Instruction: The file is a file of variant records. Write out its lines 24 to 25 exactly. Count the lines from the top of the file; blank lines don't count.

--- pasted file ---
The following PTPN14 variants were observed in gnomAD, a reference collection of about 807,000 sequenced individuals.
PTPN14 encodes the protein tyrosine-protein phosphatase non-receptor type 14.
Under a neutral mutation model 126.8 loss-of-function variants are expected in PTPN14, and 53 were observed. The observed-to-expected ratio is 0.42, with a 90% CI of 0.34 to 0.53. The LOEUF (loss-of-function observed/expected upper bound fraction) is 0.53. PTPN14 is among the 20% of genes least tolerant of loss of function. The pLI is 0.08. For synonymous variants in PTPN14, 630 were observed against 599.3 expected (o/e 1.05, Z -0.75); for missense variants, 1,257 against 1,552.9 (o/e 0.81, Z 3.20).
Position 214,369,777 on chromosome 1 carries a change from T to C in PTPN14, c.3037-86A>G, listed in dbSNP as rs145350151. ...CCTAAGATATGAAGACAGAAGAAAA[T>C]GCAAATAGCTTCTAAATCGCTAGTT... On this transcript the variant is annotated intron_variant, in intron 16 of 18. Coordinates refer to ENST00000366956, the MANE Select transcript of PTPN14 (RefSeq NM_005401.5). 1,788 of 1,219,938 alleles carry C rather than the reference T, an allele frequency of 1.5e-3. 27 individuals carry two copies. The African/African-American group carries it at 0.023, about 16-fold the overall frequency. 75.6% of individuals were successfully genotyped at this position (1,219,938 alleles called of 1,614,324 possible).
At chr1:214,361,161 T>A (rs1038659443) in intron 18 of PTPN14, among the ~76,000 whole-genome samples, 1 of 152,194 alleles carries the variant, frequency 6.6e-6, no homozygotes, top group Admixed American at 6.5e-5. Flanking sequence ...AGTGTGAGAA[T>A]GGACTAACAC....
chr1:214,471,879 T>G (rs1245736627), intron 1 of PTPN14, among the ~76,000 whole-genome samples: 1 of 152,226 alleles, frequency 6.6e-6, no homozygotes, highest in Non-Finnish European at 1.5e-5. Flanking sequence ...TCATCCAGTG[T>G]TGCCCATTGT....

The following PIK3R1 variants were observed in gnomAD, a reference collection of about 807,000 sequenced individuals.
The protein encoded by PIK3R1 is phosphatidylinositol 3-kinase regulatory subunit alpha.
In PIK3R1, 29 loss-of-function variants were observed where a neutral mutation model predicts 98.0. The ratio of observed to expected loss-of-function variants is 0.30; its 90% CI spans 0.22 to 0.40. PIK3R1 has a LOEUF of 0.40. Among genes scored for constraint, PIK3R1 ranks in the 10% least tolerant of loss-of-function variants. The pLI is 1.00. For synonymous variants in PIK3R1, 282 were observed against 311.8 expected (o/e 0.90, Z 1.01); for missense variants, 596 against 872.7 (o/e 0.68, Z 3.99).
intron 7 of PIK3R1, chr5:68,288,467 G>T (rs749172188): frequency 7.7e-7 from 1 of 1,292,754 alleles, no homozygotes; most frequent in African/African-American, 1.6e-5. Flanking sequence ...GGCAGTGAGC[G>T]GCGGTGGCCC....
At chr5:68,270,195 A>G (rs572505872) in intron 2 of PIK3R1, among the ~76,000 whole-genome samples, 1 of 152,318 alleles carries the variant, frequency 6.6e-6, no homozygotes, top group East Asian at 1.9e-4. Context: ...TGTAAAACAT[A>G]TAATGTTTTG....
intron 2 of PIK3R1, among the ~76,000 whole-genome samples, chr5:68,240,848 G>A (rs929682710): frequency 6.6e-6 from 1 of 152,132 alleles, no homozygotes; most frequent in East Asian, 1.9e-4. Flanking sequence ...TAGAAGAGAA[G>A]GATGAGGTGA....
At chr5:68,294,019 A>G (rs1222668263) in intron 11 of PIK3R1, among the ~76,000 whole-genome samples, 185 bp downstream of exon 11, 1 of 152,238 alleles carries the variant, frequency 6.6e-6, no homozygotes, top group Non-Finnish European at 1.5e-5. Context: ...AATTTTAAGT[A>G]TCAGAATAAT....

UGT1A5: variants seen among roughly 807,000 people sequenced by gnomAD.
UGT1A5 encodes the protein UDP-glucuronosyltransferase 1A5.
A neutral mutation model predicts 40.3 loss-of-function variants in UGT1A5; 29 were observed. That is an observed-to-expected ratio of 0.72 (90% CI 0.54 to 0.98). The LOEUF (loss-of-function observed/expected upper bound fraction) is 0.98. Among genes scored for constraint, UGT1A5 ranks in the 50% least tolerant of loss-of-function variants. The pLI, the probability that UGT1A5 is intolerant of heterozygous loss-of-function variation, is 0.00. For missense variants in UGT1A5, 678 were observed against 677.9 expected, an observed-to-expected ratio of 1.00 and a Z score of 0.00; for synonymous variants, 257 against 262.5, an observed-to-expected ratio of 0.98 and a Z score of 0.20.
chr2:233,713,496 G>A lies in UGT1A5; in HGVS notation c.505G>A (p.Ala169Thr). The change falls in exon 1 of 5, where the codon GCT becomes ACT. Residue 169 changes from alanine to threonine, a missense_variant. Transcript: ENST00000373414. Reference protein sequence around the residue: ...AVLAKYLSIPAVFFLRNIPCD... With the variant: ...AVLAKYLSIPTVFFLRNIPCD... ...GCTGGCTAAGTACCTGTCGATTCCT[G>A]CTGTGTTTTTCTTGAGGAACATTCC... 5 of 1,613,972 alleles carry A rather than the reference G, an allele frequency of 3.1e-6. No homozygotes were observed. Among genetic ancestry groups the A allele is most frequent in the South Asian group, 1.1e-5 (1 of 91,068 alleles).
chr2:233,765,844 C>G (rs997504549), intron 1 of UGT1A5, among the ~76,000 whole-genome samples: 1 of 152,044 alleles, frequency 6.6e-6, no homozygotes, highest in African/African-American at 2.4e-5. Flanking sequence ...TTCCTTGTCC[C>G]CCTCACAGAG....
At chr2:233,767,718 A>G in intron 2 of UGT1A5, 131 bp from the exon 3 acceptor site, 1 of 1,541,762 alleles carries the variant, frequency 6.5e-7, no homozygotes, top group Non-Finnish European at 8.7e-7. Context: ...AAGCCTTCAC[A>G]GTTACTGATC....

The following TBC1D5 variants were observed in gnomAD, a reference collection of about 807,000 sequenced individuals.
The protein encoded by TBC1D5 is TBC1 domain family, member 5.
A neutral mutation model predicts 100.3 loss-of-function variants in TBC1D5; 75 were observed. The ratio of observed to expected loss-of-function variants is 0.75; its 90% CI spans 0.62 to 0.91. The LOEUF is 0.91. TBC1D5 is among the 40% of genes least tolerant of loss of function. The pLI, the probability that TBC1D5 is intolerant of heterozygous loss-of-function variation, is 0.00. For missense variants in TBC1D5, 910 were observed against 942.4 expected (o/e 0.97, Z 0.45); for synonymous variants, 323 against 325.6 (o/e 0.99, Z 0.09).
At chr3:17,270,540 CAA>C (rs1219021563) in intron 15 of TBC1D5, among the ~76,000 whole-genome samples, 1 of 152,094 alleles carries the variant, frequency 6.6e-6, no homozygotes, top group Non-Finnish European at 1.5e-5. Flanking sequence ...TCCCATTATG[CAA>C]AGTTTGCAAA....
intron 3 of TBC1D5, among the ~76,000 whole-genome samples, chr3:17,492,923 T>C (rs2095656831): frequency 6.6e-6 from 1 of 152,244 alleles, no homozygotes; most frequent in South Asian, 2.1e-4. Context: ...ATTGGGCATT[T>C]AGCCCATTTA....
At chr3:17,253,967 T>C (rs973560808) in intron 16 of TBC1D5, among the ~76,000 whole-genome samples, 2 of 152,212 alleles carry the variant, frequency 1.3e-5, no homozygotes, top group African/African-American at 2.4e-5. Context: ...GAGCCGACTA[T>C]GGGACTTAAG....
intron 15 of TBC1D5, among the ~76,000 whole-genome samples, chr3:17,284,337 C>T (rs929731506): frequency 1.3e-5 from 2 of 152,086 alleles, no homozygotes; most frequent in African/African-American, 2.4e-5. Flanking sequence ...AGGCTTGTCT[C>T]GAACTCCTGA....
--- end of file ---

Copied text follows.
intron 3 of TBC1D5, among the ~76,000 whole-genome samples, chr3:17,492,923 T>C (rs2095656831): frequency 6.6e-6 from 1 of 152,244 alleles, no homozygotes; most frequent in South Asian, 2.1e-4. Context: ...ATTGGGCATT[T>C]AGCCCATTTA....
At chr3:17,253,967 T>C (rs973560808) in intron 16 of TBC1D5, among the ~76,000 whole-genome samples, 2 of 152,212 alleles carry the variant, frequency 1.3e-5, no homozygotes, top group African/African-American at 2.4e-5. Context: ...GAGCCGACTA[T>C]GGGACTTAAG....